Friday, April 24, 2015

Late blight

It's been a soggy spring. Does that mean we're in for another round of late blight ruining our tomato crops? 2009 was ruinous.

Late blight

This is a nice healthy tomato plant, one that Meg McGrath, an associate professor of plant pathology at Cornell, no doubt would wish for all of us. McGrath, an expert on late blight, suggested recently that the soggy spring of 2011 has folks once again wondering about - read fearing - this highly destructive disease that spread throughout the northeastern United States in 2009, destroying whole tomato and potato crops on farms, in addition to plants in many backyard gardens.

Late blight is, for lack of a better word, challenging, she says. For one thing, it cannot be "lived with" or managed. If your plants show signs of having it, they must be destroyed immediately - not composted, but burned or disposed of in the trash. Otherwise, the whole crop/garden goes down.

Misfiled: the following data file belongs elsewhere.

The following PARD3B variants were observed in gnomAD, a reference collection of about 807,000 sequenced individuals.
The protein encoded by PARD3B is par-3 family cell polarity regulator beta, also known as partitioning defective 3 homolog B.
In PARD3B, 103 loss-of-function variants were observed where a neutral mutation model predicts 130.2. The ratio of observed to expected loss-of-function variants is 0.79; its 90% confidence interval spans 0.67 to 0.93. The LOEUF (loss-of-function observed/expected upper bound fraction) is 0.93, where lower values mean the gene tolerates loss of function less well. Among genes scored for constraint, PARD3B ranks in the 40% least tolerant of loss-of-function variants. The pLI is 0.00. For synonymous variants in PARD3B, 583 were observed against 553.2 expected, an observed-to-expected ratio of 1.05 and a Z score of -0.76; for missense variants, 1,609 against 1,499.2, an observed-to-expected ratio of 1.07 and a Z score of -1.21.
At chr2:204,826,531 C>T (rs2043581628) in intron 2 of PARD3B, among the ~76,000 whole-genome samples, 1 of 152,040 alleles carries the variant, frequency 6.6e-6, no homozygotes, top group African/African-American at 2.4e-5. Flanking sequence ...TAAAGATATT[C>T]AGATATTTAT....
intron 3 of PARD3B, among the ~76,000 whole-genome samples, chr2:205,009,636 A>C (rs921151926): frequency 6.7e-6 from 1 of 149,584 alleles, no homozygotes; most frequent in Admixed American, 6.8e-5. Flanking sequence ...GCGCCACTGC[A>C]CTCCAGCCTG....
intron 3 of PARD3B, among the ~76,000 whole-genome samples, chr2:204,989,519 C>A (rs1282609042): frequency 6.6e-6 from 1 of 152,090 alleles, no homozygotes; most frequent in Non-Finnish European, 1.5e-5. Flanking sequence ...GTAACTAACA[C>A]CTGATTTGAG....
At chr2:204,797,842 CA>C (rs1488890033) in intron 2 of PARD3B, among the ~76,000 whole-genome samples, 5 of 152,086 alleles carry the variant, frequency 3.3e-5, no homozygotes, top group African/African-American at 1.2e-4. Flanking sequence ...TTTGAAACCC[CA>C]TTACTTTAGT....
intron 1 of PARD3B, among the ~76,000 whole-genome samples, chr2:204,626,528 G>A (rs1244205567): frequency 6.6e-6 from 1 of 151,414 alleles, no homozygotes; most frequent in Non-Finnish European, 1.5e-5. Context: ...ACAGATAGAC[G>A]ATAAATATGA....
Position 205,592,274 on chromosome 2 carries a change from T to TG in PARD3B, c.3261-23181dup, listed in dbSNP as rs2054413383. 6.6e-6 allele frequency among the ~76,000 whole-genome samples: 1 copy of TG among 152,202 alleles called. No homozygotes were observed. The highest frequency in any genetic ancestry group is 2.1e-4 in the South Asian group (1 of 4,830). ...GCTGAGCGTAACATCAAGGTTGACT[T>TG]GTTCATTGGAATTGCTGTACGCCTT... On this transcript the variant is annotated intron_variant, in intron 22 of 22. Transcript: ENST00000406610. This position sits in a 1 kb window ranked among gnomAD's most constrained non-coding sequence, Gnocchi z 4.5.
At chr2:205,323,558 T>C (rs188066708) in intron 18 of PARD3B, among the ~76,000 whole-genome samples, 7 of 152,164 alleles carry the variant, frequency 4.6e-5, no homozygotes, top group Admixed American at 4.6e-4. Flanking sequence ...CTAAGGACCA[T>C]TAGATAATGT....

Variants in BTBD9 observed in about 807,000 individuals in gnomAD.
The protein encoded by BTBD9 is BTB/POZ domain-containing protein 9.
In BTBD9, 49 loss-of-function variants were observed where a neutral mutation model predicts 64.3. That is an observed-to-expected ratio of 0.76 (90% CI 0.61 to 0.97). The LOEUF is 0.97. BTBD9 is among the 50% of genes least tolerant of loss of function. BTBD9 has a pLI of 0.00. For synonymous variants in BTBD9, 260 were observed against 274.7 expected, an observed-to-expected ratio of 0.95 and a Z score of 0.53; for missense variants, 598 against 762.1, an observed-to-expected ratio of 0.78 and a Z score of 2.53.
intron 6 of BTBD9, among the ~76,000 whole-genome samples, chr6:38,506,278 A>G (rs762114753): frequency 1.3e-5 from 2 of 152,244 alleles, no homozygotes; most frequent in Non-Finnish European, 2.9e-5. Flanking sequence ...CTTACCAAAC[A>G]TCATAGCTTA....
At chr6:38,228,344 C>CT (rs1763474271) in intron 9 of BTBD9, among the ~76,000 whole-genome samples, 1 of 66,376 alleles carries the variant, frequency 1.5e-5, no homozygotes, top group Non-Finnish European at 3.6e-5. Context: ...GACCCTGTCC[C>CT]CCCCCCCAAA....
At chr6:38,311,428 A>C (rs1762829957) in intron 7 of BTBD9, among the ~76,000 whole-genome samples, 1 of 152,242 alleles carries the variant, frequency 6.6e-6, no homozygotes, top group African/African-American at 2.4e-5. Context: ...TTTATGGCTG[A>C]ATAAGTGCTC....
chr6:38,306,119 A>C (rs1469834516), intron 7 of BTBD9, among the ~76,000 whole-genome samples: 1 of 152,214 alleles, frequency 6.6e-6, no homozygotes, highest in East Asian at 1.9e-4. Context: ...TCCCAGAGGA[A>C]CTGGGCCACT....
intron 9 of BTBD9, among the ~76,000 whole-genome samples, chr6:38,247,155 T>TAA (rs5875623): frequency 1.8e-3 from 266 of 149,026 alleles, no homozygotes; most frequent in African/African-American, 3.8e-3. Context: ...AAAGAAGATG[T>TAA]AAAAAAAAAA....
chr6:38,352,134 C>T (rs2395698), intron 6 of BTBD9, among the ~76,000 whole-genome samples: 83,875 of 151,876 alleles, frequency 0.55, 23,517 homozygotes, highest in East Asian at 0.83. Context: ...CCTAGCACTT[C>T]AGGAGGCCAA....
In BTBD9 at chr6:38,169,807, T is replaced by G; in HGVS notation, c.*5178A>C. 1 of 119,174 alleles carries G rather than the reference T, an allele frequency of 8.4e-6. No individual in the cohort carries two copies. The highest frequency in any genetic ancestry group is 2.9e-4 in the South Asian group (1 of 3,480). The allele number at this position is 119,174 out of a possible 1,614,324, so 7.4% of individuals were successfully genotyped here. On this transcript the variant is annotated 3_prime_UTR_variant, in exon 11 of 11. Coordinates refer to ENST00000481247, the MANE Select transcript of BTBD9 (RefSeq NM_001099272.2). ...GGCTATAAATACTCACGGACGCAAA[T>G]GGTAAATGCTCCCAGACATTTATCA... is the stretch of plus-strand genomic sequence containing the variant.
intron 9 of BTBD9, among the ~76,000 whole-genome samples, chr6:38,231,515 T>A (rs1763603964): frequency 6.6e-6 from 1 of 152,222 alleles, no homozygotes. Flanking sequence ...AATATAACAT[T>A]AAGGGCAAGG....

Symptoms include brown spots or lesions on the stems, with white fungal growth, causing the stems to soften, then collapse.

You'll also see brownish spots about the size of a nickel on the leaves and firm brown spots on the tomatoes.

Blight-causing spores are blown far afield by the wind. Cool, rainy conditions are especially helpful in this regard. So keep an eye out, McGrath says.

Not that we need coaxing in that department. We measure our tomatoes' growth by the centimeter!

Inquirer Staff Writer
About this blog
Ginny Smith, a Philadelphia native, joined the Inquirer at 1985. After stints as both reporter and editor in the city and suburbs, she’s been happily writing – and learning - about gardening full time since 2006. She’s won two silver medals of achievement from the national Garden Writers Association and in 2011, Bartram’s Garden honored her with its Green Exemplar award for her stories about “the region’s deeply rooted horticultural history, cultural attractions and bountiful gardens.” She plays in her own – mostly - bountiful garden in East Falls. Reach Virginia A. at .

Virginia A. Smith Inquirer Staff Writer
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